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Charles Stein's 1956 inadmissibility paper

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Just over 50 years ago Stein published a startling statistical result. (Stein (1956).) When three or more normal means are to be estimated the sample mean is not an admissible estimator. It is better to ‘shrink’ towards the origin, or some other predetermined point. At first this fact appeared to many as a mathematical peculiarity, with no particular practical significance. Publication five years later of the James-Stein (1961) estimator demonstrated that the difference in performance could be quite substantial between the sample mean and a suitable shrinkage estimator. It has become understood in the intervening decades how this minimax surprise is intimately related to a variety of other practical statistical methodologies and its principles applicable in a wide range of practical settings.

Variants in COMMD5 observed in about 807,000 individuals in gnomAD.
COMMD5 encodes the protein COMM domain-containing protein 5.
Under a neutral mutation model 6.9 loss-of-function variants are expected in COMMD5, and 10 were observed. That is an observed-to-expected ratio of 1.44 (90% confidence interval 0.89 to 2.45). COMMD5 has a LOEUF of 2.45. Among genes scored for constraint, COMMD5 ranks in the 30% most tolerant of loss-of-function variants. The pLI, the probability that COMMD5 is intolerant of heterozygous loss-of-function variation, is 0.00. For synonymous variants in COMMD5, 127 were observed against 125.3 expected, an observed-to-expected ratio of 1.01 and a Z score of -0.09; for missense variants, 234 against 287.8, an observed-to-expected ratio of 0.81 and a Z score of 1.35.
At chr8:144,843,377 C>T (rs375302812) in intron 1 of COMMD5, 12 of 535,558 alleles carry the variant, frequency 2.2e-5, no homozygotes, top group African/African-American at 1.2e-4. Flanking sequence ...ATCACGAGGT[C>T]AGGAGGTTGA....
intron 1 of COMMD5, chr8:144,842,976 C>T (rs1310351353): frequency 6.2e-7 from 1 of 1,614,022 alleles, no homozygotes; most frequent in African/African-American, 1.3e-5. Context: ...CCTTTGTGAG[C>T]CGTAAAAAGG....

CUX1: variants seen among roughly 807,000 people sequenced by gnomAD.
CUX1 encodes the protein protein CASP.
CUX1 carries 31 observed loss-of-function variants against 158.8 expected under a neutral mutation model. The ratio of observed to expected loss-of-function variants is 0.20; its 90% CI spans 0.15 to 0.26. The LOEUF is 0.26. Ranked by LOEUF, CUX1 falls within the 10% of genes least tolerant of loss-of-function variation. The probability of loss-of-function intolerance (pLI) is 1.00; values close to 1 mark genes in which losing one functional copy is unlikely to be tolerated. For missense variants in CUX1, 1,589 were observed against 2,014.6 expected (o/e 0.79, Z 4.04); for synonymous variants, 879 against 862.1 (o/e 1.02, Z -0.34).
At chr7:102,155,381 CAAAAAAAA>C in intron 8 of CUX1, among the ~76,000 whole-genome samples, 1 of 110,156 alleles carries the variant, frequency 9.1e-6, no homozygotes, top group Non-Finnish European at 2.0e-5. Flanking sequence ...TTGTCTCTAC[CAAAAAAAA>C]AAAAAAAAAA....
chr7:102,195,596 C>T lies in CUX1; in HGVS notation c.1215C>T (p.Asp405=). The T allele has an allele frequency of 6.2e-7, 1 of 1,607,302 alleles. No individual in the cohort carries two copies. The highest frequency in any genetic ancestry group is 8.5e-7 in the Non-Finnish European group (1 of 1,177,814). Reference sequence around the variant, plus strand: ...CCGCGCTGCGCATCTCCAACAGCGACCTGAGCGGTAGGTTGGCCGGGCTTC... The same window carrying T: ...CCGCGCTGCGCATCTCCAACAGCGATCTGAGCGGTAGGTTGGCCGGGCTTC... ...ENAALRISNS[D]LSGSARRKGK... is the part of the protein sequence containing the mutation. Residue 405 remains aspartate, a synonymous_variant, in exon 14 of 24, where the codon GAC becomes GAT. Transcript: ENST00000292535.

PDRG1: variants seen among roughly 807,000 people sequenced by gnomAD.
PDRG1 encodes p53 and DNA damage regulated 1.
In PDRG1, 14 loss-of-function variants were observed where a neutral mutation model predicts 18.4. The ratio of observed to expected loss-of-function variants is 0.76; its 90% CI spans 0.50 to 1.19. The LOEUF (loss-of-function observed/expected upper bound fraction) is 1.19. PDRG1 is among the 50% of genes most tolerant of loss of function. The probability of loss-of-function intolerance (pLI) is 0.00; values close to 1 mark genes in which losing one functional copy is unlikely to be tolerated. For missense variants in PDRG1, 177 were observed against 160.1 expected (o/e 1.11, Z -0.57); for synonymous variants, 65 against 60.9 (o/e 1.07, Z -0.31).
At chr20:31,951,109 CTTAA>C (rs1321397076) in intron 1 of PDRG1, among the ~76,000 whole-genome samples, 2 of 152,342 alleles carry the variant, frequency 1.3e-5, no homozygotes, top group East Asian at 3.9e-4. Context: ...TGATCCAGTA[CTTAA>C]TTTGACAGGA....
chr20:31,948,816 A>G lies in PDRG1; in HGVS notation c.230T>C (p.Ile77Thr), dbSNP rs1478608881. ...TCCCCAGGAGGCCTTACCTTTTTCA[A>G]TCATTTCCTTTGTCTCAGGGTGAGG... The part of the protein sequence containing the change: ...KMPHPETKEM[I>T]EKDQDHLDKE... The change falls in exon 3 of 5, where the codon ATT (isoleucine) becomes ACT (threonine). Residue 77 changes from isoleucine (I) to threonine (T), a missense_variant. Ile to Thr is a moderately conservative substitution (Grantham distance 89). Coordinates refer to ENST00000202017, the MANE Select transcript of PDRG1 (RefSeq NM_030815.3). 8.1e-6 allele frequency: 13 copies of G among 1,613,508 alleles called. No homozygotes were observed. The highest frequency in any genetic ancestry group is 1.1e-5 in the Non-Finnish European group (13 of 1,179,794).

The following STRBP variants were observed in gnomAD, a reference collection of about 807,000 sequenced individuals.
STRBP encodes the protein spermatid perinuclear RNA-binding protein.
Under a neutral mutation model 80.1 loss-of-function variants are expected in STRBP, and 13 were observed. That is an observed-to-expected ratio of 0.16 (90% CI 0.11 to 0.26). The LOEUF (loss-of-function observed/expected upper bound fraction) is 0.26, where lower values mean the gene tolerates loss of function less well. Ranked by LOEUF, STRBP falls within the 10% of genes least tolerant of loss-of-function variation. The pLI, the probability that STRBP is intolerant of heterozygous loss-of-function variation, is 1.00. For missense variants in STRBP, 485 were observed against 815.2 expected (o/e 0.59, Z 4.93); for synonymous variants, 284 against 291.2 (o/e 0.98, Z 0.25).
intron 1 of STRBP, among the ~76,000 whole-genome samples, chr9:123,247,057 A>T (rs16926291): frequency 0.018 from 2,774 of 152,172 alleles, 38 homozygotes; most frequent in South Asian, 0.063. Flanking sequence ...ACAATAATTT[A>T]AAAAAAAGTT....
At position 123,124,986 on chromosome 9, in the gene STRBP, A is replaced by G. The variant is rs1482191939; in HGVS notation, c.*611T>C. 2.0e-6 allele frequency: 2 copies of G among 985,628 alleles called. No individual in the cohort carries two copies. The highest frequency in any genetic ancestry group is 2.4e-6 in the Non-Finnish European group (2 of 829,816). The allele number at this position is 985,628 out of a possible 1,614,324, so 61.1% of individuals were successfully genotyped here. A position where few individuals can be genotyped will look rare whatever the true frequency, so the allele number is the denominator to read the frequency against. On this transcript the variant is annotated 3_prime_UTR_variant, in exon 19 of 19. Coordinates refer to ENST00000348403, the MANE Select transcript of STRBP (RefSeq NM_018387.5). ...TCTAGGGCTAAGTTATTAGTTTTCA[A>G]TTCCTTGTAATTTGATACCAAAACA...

Stein’s original paper included a geometrical explanation as to why such a paradoxical result is inevitable when estimating sufficiently many separate means, as well a relatively simple proof that 3 is sufficiently many. I’ll supplement his geometric argument with a simple geometric diagram and then sketch his proof. I can also remark about several generalizations (Brown (1966)) of this proof that show this abnormal result is not only a result about the normal distribution and squared error loss (as some statisticians at the time had suspected).

I don’t specifically plan on discussing any further technicalities, but if time permits I can sketch where this seminal paper has led, including especially James-Stein (1961), mentioned above, and Brown (1971) which attempts to show that there are several related mathematical situations where 3>>2.

[Incidentally, my Kuwait Lecture on Tuesday provides a specific illustration of how shrinkage ideas can be used in high dimensional data settings.]

Stein’s original paper is available at

This talk is part of the Statistics Reading Group series.

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